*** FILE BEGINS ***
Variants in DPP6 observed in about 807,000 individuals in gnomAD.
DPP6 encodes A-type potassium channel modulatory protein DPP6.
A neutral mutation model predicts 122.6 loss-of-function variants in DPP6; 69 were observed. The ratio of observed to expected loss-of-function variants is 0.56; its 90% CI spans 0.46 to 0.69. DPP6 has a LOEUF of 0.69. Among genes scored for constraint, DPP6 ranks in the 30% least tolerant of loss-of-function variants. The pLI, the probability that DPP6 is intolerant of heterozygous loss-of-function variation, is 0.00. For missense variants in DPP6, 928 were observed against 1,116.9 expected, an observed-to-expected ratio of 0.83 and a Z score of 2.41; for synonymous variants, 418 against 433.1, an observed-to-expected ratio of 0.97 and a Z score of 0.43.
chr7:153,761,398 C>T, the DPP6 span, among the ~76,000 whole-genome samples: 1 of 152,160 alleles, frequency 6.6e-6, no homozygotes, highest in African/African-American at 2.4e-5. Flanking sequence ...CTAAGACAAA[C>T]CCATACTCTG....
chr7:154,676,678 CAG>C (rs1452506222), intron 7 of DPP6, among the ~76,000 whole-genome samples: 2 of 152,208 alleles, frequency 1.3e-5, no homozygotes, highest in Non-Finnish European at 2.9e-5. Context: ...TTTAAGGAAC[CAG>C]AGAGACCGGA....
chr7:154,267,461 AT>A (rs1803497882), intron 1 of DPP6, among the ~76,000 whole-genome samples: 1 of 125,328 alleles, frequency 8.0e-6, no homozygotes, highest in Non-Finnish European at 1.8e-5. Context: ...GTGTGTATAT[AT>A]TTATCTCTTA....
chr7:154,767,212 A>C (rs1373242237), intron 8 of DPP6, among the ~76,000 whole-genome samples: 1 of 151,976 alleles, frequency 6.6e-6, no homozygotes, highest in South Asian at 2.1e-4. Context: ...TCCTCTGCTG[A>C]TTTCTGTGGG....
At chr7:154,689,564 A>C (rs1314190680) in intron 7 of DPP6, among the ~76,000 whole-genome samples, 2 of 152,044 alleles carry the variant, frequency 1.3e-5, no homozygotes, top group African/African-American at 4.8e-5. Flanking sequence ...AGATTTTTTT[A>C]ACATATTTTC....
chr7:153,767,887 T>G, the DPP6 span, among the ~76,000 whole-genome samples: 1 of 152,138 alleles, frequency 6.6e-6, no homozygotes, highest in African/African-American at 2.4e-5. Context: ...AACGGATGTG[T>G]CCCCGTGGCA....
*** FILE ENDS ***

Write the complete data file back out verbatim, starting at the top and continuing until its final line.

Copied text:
Variants in DPP6 observed in about 807,000 individuals in gnomAD.
DPP6 encodes A-type potassium channel modulatory protein DPP6.
A neutral mutation model predicts 122.6 loss-of-function variants in DPP6; 69 were observed. The ratio of observed to expected loss-of-function variants is 0.56; its 90% CI spans 0.46 to 0.69. DPP6 has a LOEUF of 0.69. Among genes scored for constraint, DPP6 ranks in the 30% least tolerant of loss-of-function variants. The pLI, the probability that DPP6 is intolerant of heterozygous loss-of-function variation, is 0.00. For missense variants in DPP6, 928 were observed against 1,116.9 expected, an observed-to-expected ratio of 0.83 and a Z score of 2.41; for synonymous variants, 418 against 433.1, an observed-to-expected ratio of 0.97 and a Z score of 0.43.
chr7:153,761,398 C>T, the DPP6 span, among the ~76,000 whole-genome samples: 1 of 152,160 alleles, frequency 6.6e-6, no homozygotes, highest in African/African-American at 2.4e-5. Flanking sequence ...CTAAGACAAA[C>T]CCATACTCTG....
chr7:154,676,678 CAG>C (rs1452506222), intron 7 of DPP6, among the ~76,000 whole-genome samples: 2 of 152,208 alleles, frequency 1.3e-5, no homozygotes, highest in Non-Finnish European at 2.9e-5. Context: ...TTTAAGGAAC[CAG>C]AGAGACCGGA....
chr7:154,267,461 AT>A (rs1803497882), intron 1 of DPP6, among the ~76,000 whole-genome samples: 1 of 125,328 alleles, frequency 8.0e-6, no homozygotes, highest in Non-Finnish European at 1.8e-5. Context: ...GTGTGTATAT[AT>A]TTATCTCTTA....
chr7:154,767,212 A>C (rs1373242237), intron 8 of DPP6, among the ~76,000 whole-genome samples: 1 of 151,976 alleles, frequency 6.6e-6, no homozygotes, highest in South Asian at 2.1e-4. Context: ...TCCTCTGCTG[A>C]TTTCTGTGGG....
At chr7:154,689,564 A>C (rs1314190680) in intron 7 of DPP6, among the ~76,000 whole-genome samples, 2 of 152,044 alleles carry the variant, frequency 1.3e-5, no homozygotes, top group African/African-American at 4.8e-5. Flanking sequence ...AGATTTTTTT[A>C]ACATATTTTC....
chr7:153,767,887 T>G, the DPP6 span, among the ~76,000 whole-genome samples: 1 of 152,138 alleles, frequency 6.6e-6, no homozygotes, highest in African/African-American at 2.4e-5. Context: ...AACGGATGTG[T>G]CCCCGTGGCA....